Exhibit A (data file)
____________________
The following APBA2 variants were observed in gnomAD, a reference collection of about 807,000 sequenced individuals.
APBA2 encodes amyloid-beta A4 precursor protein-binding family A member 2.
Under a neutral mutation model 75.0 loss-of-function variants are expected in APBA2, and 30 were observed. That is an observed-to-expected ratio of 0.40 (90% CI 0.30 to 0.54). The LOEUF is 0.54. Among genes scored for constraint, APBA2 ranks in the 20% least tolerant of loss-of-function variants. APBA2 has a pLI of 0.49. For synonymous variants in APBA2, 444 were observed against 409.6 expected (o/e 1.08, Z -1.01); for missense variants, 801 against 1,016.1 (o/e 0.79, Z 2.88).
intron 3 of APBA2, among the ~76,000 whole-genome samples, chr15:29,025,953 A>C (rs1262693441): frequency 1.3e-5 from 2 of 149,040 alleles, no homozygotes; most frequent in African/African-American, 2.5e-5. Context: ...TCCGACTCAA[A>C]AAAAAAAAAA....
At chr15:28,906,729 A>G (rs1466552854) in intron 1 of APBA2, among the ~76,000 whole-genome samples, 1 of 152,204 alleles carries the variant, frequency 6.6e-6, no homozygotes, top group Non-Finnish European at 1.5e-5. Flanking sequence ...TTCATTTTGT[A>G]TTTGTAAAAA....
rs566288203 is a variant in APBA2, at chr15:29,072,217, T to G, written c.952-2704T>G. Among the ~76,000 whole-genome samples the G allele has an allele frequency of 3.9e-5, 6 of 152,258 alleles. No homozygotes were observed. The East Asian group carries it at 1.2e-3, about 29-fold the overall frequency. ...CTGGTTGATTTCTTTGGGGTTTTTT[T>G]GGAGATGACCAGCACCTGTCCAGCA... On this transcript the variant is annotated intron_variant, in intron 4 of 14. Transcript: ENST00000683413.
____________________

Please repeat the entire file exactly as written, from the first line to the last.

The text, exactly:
The following APBA2 variants were observed in gnomAD, a reference collection of about 807,000 sequenced individuals.
APBA2 encodes amyloid-beta A4 precursor protein-binding family A member 2.
Under a neutral mutation model 75.0 loss-of-function variants are expected in APBA2, and 30 were observed. That is an observed-to-expected ratio of 0.40 (90% CI 0.30 to 0.54). The LOEUF is 0.54. Among genes scored for constraint, APBA2 ranks in the 20% least tolerant of loss-of-function variants. APBA2 has a pLI of 0.49. For synonymous variants in APBA2, 444 were observed against 409.6 expected (o/e 1.08, Z -1.01); for missense variants, 801 against 1,016.1 (o/e 0.79, Z 2.88).
intron 3 of APBA2, among the ~76,000 whole-genome samples, chr15:29,025,953 A>C (rs1262693441): frequency 1.3e-5 from 2 of 149,040 alleles, no homozygotes; most frequent in African/African-American, 2.5e-5. Context: ...TCCGACTCAA[A>C]AAAAAAAAAA....
At chr15:28,906,729 A>G (rs1466552854) in intron 1 of APBA2, among the ~76,000 whole-genome samples, 1 of 152,204 alleles carries the variant, frequency 6.6e-6, no homozygotes, top group Non-Finnish European at 1.5e-5. Flanking sequence ...TTCATTTTGT[A>G]TTTGTAAAAA....
rs566288203 is a variant in APBA2, at chr15:29,072,217, T to G, written c.952-2704T>G. Among the ~76,000 whole-genome samples the G allele has an allele frequency of 3.9e-5, 6 of 152,258 alleles. No homozygotes were observed. The East Asian group carries it at 1.2e-3, about 29-fold the overall frequency. ...CTGGTTGATTTCTTTGGGGTTTTTT[T>G]GGAGATGACCAGCACCTGTCCAGCA... On this transcript the variant is annotated intron_variant, in intron 4 of 14. Transcript: ENST00000683413.